Snow Crab
Snow Crab
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Other Names

Chionoecetes opilio

Spain: cangrejo
France: crabe des neiges
Germany: kurzschwanz-krebs
Italiy: granchio
Japan: zuwaigani
Poland: krab
Russia: krab-strigun


Snow crab season begins in April or May, as soon as the ice has left the gulf of St. Lawrence. Crab fishermen head offshore more than 40 km west and southwest to drop their traps to depths of 45 to 275 meters.

The snow crab belongs to the family of spider crabs, so-called because their body (an almost perfect circle) is fitted with five pairs of very long flattened legs, the first of which end in powerful pincers.

The size of the male’s shell ranges from 9.5 to 15 cm in width, with an approximate weight of 350 g to 1.3 kg. The meat is orangey-red on the surface and white inside, and is made up of delicate strands with a delicious, sophisticated flavor.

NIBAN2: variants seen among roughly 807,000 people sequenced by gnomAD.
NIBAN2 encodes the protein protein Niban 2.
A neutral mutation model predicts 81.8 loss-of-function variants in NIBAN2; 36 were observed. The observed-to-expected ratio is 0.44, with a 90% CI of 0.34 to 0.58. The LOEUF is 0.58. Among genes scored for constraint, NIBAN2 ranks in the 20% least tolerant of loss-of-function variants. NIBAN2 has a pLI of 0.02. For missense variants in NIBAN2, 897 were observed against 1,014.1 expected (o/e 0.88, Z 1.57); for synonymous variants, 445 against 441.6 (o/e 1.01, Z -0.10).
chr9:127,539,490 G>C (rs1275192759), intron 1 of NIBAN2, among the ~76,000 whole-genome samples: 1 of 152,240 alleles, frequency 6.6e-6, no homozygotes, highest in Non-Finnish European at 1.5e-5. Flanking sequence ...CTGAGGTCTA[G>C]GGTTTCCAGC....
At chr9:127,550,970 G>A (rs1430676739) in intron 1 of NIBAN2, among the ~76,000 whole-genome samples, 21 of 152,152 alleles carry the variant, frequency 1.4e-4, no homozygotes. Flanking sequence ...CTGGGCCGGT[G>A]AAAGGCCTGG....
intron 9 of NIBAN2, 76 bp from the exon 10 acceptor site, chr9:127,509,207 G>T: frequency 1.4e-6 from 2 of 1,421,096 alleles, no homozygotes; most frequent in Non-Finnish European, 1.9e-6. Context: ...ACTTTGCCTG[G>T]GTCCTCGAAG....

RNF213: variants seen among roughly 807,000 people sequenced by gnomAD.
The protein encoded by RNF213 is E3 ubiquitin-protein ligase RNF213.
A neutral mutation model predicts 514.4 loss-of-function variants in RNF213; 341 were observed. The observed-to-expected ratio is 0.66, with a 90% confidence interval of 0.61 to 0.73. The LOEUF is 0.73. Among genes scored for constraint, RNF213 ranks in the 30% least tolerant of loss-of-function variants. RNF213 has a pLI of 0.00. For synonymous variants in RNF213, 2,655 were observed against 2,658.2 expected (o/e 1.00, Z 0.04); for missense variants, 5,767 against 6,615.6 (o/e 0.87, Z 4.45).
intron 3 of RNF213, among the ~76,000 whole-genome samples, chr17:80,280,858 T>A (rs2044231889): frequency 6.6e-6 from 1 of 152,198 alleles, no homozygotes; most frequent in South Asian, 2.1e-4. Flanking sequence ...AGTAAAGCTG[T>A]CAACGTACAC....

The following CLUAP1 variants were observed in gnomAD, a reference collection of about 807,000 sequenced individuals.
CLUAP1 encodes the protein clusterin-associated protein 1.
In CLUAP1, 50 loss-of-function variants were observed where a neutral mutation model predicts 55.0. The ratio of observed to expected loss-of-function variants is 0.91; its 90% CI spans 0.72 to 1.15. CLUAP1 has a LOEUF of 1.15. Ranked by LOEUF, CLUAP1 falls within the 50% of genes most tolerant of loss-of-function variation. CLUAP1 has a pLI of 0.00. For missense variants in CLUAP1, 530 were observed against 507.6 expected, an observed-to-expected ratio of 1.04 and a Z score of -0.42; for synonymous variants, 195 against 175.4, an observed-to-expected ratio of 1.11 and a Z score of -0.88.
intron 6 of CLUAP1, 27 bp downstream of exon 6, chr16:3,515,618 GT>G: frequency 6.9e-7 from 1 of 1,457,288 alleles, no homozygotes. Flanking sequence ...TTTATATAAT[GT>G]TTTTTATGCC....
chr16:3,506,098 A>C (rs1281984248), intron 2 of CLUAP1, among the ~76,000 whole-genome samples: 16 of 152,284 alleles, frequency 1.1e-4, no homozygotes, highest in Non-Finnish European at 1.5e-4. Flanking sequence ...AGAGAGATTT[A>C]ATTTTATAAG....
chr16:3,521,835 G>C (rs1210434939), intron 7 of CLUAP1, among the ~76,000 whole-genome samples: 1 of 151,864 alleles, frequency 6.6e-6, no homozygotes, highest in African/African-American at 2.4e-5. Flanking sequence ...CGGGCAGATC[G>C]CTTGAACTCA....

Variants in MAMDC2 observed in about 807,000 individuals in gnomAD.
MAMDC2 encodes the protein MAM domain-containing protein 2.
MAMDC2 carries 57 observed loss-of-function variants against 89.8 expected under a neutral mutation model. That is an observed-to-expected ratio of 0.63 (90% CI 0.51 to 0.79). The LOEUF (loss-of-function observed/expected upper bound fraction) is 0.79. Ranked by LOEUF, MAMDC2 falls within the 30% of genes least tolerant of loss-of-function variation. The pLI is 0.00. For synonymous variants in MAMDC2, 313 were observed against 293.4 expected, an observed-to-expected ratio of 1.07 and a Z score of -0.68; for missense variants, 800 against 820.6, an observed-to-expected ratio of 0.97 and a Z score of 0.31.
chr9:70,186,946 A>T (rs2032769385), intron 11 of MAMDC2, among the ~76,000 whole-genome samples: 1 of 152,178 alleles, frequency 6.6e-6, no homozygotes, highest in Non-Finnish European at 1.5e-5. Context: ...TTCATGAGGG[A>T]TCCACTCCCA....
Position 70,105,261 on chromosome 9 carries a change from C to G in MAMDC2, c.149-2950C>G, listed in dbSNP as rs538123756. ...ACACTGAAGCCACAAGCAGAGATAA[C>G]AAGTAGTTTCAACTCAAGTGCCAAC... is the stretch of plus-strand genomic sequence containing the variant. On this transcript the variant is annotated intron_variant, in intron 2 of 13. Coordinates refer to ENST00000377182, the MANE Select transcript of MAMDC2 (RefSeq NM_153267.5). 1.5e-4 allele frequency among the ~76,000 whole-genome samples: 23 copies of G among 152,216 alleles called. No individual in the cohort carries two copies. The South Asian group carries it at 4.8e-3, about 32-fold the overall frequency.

Their colour changes as they age. Soon after they moult, snow crabs will be reddish on top and white on the bottom. As they get older, this red will fade to a duller olive shade and their underside will become yellowish.

Snow crabs can grow to a maximum carapace width of about 15 cm, with males growing more than twice as large as females (females are not harvested commercially for this reason). They have a maximum life span of 12-13 years.


View the recipes on the crab main page


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